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Evaluation of the 3-Dimensional Endoscope in Transsphenoidal Surgery

Barkhoudarian, Garni MD*; Del Carmen Becerra Romero, Alicia MD, PhD; Laws, Edward R. MD§

doi: 10.1227/NEU.0b013e31828ba962
Instrumentation Assessment

BACKGROUND: Three-dimensional (3-D) endoscopy is a recent addition to augment the transsphenoidal surgical approach for anterior skull-base and parasellar lesions. We describe our experience implementing this technology into regular surgical practice.

OBJECTIVE: Retrospective review of clinical factors and outcomes.

METHODS: All patients were analyzed who had endoscopic endonasal parasellar operations since the introduction of the 3-D endoscope to our practice. Over an 18-month period, 160 operations were performed using solely endoscopic techniques. Sixty-five of these were with the Visionsense VSII 3-D endoscope and 95 utilized 2-dimensional (2-D) high-definition (HD) Storz endoscopes. Intraoperative and postoperative findings were analyzed in a retrospective fashion.

RESULTS: Comparing both groups, there was no significant difference in total or surgical operating room times comparing the 2-D HD and 3-D endoscopes (239 minutes vs 229 minutes, P = .47). Within disease-specific comparison, pituitary adenoma resection was significantly shorter utilizing the 3-D endoscope (surgical time 174 minutes vs 147 minutes, P = .03). These findings were independent of resident or fellow experience. There was no significant difference in the rate of complication, reoperation, tumor resection, or intraoperative cerebrospinal fluid leaks. Subjectively, the 3-D endoscope offered increased agility with 3-D techniques such as exposing the sphenoid rostrum, drilling sphenoidal septations, and identifying bony landmarks and suprasellar structures.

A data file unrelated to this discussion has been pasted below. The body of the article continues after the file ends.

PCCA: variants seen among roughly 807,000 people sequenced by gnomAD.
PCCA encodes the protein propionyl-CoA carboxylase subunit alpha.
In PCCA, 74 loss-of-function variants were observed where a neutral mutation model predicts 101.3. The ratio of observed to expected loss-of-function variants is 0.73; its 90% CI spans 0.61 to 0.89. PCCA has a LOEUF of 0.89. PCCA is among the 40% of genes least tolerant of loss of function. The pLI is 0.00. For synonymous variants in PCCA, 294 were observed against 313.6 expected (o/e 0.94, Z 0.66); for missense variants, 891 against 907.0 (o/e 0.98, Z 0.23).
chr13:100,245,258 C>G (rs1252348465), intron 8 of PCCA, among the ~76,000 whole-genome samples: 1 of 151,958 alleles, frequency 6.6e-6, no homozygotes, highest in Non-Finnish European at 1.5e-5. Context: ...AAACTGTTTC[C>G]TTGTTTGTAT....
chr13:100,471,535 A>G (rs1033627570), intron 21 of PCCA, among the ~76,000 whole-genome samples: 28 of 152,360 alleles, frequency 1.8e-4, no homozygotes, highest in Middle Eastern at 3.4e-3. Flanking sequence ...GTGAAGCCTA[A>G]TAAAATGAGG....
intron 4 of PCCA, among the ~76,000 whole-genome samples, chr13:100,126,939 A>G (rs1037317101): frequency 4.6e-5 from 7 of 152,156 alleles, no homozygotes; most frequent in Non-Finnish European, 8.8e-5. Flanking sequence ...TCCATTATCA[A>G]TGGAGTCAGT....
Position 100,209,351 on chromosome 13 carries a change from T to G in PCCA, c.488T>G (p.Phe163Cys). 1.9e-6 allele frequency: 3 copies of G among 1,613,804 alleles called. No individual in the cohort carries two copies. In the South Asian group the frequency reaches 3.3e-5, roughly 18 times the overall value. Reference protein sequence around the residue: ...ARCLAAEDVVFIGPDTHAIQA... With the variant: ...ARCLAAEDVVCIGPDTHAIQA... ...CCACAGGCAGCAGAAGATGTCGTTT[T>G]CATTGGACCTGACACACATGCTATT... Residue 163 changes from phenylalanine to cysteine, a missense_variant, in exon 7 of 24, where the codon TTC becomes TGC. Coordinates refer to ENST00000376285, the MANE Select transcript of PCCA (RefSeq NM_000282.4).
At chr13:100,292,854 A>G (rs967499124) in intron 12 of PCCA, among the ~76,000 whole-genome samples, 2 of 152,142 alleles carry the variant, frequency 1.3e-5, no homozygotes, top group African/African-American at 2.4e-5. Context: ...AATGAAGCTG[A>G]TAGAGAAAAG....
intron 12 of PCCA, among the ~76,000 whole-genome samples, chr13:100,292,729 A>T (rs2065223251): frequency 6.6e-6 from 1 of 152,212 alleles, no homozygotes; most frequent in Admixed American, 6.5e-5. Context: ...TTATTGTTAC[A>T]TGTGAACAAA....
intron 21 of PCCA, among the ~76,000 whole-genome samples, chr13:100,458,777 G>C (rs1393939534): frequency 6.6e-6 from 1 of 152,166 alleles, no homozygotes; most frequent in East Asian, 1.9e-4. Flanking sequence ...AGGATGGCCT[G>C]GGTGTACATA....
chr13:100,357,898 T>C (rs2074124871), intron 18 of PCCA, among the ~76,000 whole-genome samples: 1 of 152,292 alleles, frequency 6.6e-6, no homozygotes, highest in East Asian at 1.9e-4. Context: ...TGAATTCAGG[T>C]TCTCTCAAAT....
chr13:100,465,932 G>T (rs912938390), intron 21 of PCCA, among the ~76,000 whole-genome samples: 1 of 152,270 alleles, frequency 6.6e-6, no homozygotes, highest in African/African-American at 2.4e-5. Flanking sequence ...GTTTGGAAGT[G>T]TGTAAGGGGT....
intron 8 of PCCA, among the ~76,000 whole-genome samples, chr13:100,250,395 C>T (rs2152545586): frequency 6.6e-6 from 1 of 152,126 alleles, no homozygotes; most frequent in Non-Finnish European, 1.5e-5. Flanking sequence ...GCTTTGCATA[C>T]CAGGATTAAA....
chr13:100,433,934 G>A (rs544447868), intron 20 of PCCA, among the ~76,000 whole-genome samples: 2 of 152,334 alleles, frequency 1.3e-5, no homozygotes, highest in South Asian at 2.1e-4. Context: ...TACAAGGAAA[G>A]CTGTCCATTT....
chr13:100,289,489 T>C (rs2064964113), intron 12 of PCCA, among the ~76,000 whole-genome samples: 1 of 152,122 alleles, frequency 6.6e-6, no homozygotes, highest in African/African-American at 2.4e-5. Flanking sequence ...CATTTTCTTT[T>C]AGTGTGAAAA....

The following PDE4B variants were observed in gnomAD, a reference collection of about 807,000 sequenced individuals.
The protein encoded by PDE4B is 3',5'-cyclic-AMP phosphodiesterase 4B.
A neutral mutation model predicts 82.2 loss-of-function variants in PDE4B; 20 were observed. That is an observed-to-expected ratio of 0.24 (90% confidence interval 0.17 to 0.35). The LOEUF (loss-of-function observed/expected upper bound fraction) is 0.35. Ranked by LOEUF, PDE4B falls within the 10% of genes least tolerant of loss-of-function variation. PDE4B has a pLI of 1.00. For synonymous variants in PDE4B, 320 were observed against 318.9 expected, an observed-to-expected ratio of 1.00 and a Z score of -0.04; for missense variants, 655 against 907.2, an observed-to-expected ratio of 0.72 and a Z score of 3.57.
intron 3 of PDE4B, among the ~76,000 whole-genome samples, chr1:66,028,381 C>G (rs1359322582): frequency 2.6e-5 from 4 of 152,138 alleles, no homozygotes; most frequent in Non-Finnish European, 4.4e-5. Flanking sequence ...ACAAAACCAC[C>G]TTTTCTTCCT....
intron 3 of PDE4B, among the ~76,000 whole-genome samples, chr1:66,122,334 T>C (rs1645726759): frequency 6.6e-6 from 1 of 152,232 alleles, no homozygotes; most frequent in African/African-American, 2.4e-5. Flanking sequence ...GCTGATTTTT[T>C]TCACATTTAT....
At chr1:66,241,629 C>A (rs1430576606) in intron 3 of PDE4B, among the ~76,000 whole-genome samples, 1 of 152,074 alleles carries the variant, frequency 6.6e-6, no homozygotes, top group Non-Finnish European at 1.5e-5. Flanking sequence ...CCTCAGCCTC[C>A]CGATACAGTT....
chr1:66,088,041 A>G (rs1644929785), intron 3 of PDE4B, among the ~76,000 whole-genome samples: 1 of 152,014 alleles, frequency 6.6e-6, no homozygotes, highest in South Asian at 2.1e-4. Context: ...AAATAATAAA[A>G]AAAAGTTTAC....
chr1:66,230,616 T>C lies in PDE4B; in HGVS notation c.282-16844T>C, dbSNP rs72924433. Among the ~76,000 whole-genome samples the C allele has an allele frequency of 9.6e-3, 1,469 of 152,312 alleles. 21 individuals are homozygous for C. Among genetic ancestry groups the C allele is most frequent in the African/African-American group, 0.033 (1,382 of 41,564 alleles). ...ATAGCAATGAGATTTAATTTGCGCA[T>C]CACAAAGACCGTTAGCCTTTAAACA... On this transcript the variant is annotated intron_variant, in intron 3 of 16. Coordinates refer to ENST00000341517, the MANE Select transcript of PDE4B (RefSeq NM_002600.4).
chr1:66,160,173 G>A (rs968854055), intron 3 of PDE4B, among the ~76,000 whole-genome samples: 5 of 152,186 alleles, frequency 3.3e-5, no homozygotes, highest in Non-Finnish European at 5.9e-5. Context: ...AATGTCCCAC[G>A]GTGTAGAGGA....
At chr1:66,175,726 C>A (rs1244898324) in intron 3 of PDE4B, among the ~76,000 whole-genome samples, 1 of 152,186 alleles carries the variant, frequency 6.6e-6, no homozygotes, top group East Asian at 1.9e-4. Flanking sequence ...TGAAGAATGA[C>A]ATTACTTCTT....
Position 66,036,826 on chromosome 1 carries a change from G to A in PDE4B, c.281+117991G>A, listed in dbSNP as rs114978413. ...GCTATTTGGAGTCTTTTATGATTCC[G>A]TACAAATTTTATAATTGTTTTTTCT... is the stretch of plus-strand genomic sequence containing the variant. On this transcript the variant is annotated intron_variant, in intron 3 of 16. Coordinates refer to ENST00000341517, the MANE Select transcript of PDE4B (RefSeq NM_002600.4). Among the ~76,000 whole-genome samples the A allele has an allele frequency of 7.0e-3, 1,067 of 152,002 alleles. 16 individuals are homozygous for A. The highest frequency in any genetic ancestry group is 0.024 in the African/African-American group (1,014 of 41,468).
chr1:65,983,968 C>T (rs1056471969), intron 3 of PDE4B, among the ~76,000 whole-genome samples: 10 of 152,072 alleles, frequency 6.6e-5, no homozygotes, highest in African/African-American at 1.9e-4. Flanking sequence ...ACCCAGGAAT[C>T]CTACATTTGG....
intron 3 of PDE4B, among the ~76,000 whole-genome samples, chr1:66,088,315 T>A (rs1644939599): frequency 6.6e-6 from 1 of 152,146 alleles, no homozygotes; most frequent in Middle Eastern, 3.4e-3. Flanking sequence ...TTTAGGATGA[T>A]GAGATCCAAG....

CONCLUSION: The 3-D endoscope is a useful alternative to the 2-D HD endoscope for transnasal anterior skull-base surgery. Preliminary results suggest it is more efficient surgically and has a shorter learning curve. As 3-D technology and resolution improve, it should serve to be an invaluable tool for neuroendoscopy.

ABBREVIATION: HD, high definition

*Brain Tumor Center & Pituitary Disorders Program, John Wayne Cancer Institute at Saint John's Health Center, Santa Monica, California;

Department of Neurosurgery and Skull Base Surgery, Hospital Ernesto Dornelles, Porto Alegre, Brazil;

§Department of Neurosurgery, Brigham and Women's Hospital, Boston, Massachusetts

Correspondence: Garni Barkhoudarian, MD, Brain Tumor Center & Pituitary Disorders Program, John Wayne Cancer Institute at Saint John's Health Center, 2200 Santa Monica Blvd, Santa Monica, CA, 90404. E-mail: garni.barkhoudarian@gmail.com

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Received August 29, 2012

Accepted February 5, 2013

Copyright © by the Congress of Neurological Surgeons